From Volume 8, Issue 7 of EIR Online, Published Feb. 17, 2009

Global Economic News

Swedish 'Pinochet' Social Security Plan Crashes

Feb. 11 (EIRNS)—Swedish citizens have received the yearly red envelope with the status of "their" savings for social security. In Sweden 2.5% of one's salary is set aside in a personal account that is invested in market funds. This is the same plan which, thanks to the efforts of Lyndon LaRouche, was defeated when George W. Bush tried to implement Social Security privatization in the U.S.

The plan is modelled on the privatization of social security under Gen. Agusto Pinochet in Chile. Because of the collapse on the stock markets last year, the state-managed funds reported negative 36% of the savings—i.e., a loss of a third of the pensions set aside. Among the other 770 funds available for individuals to choose from, all stock funds went into the red significantly, but some fell by as much as 75%, wiping out three-quarters of this part of social security savings.

German Economy Shrinking at Record Pace

Feb. 13 (EIRNS)—In the worst collapse since German reunification, the gross domestic product in the last quarter of 2008 collapsed by 2.1%, compared to the third quarter of 2008. In France, it was 1.2% for the same period. In both the third and second quarter of 2008, GDP went down in Germany by 0.5%. In 1993, GDP had collapsed by 1.2%.

This is nothing compared to what's coming. Prof. Sinn of Munich Ifo-Institute expects 500,000 to 700,000 additional unemployed compared to a year ago. At the HH Club of economic journalists on Feb. 12, Sinn declared that all those who predict that it will get better by Summer, are talking "nonsense."

The steel industry is in free-fall. Since September 2008, some 3,000 jobs have been cut, and new layoffs are to come at Thyssen Krupp. This was announced yesterday, along with a 36% drop in steel, and a 55% fall in high-grade steel (Edelstahl) orders.

Siemens has announced massive expansion of short work in Germany, for more than 7,000 employed, until April. Siemens plans to cut all contracts with outside consultants, and announced a further reduction of involvement in Russia, with some projects to be postponed. However, collaboration between Siemens and the Russian nuclear power company Rosastom is not affected, as the German firm announced that it wants to become "active again" in the area of nuclear energy. Also, Siemens will try to place a EU2 billion bond, to refinance short-term debt. As for who is expected to buy such bonds, there has been no comment.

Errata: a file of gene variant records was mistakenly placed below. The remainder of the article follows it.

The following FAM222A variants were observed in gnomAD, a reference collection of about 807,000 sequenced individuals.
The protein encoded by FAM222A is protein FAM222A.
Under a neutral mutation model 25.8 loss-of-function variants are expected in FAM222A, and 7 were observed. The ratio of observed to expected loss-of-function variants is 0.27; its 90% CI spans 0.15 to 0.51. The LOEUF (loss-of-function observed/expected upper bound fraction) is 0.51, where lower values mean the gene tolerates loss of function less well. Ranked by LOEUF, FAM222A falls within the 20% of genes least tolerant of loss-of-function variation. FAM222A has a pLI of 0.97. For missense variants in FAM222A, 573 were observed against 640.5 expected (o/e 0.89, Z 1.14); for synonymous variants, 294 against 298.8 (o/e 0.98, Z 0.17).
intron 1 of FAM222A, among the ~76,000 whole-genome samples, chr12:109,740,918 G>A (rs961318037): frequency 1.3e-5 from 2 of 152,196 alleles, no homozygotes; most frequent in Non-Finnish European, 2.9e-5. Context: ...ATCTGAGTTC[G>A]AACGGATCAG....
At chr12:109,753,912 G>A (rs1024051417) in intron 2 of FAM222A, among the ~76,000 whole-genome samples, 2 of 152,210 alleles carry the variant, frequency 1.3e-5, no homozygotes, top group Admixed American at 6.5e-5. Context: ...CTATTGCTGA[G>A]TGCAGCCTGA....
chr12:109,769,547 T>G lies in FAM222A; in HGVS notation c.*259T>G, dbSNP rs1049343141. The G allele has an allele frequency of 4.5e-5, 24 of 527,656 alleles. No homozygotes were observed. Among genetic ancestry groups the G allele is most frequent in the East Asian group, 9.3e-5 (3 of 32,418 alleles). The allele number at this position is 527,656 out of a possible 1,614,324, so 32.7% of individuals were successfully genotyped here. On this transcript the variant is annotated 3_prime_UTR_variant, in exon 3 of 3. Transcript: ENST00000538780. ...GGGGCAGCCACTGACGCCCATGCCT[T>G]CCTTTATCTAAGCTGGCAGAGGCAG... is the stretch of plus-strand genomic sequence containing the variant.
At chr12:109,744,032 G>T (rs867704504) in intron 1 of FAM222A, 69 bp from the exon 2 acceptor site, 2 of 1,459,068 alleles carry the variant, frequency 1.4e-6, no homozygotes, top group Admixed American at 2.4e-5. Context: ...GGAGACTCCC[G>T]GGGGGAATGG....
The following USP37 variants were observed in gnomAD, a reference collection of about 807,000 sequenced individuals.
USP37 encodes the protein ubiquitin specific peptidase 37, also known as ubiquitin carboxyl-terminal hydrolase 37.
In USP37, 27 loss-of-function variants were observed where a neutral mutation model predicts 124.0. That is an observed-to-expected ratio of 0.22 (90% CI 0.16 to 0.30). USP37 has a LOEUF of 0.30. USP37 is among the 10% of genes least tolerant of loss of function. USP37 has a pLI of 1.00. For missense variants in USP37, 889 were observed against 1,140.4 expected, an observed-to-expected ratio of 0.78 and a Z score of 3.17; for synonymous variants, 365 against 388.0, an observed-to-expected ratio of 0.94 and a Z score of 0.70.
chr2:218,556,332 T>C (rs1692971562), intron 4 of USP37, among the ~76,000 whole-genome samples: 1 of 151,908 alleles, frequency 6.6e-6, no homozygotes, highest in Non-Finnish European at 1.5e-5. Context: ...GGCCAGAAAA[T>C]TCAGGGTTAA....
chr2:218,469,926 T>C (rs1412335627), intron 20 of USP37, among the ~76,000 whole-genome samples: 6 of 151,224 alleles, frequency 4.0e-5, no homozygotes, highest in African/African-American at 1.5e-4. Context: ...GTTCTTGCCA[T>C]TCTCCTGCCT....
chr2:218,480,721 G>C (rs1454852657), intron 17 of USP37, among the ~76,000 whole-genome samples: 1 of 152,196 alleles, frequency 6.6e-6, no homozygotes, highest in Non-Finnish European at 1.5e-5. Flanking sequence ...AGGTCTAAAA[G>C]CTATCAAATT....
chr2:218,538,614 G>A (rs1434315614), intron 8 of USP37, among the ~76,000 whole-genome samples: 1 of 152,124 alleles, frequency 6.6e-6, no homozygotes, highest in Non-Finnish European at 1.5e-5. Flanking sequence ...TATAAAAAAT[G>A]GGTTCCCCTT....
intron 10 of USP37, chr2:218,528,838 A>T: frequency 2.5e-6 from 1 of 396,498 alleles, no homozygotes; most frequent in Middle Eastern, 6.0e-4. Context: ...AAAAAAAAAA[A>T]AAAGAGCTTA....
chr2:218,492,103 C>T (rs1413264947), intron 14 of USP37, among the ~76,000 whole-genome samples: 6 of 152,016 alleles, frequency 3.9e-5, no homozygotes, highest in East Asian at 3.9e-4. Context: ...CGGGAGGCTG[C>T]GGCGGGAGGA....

Chinese Industry Is Contracting

Feb. 13 (EIRNS)—Power generation kept falling in China in January, for the fourth month in a row. This is just one demonstration of what is happening to China's biggest industries, since these industries, such as steel and chemicals, are all big power consumers. All sectors of the economy, including exports of processed goods, were affected by the first week of the New Year holiday, which usually falls in February. This made the year-on-year economic figures, which China generally uses, more extreme, since many industries stopped production beginning Jan. 26.

Power generation was down 13% year-on-year in January, China Daily reported Feb.12, citing an official of the China Electricity Council. The CEC reported that thermal power generation in October, November, and December 2008 had fallen 5.3%, 16.6%, and 12.4% from the year before.

In a Feb. 4 report, the CEC warned that power demand will continue to fall in the first half of 2009, although things will "get better" by the third quarter.

Steel exports were down 40% year-on-year, in January, to 1.91 million tons, the General Administration of Customs said yesterday. In 2008 as a whole, steel exports fell 5.5% year-on-year, after 10 years of growth, to 59.23 million tons. Monthly steel exports had peaked at 7.68 million tons in August, but crashed to 2.95 million tons by November.

Customs warned that new orders are shrinking. Demand in South Korea is estimated to be down by 9.5% from a year ago; in the United States down by 11%; and in Japan down by over 30%, China Daily reported. As one result, in January, China's iron ore imports were down 5% from December.

Water, Infrastructure Shortages Threaten Crops

Feb. 10 (EIRNS)—The current drought in China and California marks the fact that harvests are threatened internationally by bad weather and lack of water infrastructure. This was not so over the past 18 months, when production in the Northern Hemisphere grain belts—China, Russia, France, the U.S. and Canada—somewhat "made up for" the drought losses in Australia, Argentina, and Brazil

This year's world grain production (all types, for July 2008 to June 2009) is forecast by the U.S. Department of Agriculture at 2,223 million metric tons, which it considers being on a "neutral" path, rising somewhat from 2,122 mmt in 2007-08, and up from 2,005 mmt in 2006-07. This is the worse-than-typical buncombe, released today in the USDA's monthly World Supply and Demand Estimate Report. First, world grain output needs to be doubled to be sufficient for consumption and reserves. Second, the persisting lack of water, and other problems in agriculture, mean that losses on the level of famine are in the works. The International Grains Council forecasts a 5% drop in wheat in the next crop year, 2009-10, compared to this year.

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